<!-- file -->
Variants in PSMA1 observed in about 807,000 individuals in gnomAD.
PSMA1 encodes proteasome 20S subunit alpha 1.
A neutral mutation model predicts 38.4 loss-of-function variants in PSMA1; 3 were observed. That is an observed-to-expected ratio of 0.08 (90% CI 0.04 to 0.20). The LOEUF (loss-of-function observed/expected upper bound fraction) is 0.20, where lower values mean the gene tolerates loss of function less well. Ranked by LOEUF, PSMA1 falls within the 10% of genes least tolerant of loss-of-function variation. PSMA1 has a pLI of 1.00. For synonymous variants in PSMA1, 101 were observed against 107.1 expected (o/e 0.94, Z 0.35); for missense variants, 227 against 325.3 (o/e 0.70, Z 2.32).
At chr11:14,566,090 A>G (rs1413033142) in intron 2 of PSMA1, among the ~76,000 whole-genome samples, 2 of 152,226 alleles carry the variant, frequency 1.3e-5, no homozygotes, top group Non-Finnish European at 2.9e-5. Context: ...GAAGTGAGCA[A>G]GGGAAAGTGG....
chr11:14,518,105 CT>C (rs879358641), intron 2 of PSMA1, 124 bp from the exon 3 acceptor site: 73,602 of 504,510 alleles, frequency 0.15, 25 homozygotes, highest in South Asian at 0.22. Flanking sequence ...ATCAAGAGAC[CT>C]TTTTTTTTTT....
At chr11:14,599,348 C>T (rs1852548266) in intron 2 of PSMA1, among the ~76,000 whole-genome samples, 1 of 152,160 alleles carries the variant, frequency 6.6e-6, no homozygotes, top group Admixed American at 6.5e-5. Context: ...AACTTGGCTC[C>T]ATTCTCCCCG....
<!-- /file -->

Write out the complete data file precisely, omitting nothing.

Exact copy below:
Variants in PSMA1 observed in about 807,000 individuals in gnomAD.
PSMA1 encodes proteasome 20S subunit alpha 1.
A neutral mutation model predicts 38.4 loss-of-function variants in PSMA1; 3 were observed. That is an observed-to-expected ratio of 0.08 (90% CI 0.04 to 0.20). The LOEUF (loss-of-function observed/expected upper bound fraction) is 0.20, where lower values mean the gene tolerates loss of function less well. Ranked by LOEUF, PSMA1 falls within the 10% of genes least tolerant of loss-of-function variation. PSMA1 has a pLI of 1.00. For synonymous variants in PSMA1, 101 were observed against 107.1 expected (o/e 0.94, Z 0.35); for missense variants, 227 against 325.3 (o/e 0.70, Z 2.32).
At chr11:14,566,090 A>G (rs1413033142) in intron 2 of PSMA1, among the ~76,000 whole-genome samples, 2 of 152,226 alleles carry the variant, frequency 1.3e-5, no homozygotes, top group Non-Finnish European at 2.9e-5. Context: ...GAAGTGAGCA[A>G]GGGAAAGTGG....
chr11:14,518,105 CT>C (rs879358641), intron 2 of PSMA1, 124 bp from the exon 3 acceptor site: 73,602 of 504,510 alleles, frequency 0.15, 25 homozygotes, highest in South Asian at 0.22. Flanking sequence ...ATCAAGAGAC[CT>C]TTTTTTTTTT....
At chr11:14,599,348 C>T (rs1852548266) in intron 2 of PSMA1, among the ~76,000 whole-genome samples, 1 of 152,160 alleles carries the variant, frequency 6.6e-6, no homozygotes, top group Admixed American at 6.5e-5. Context: ...AACTTGGCTC[C>T]ATTCTCCCCG....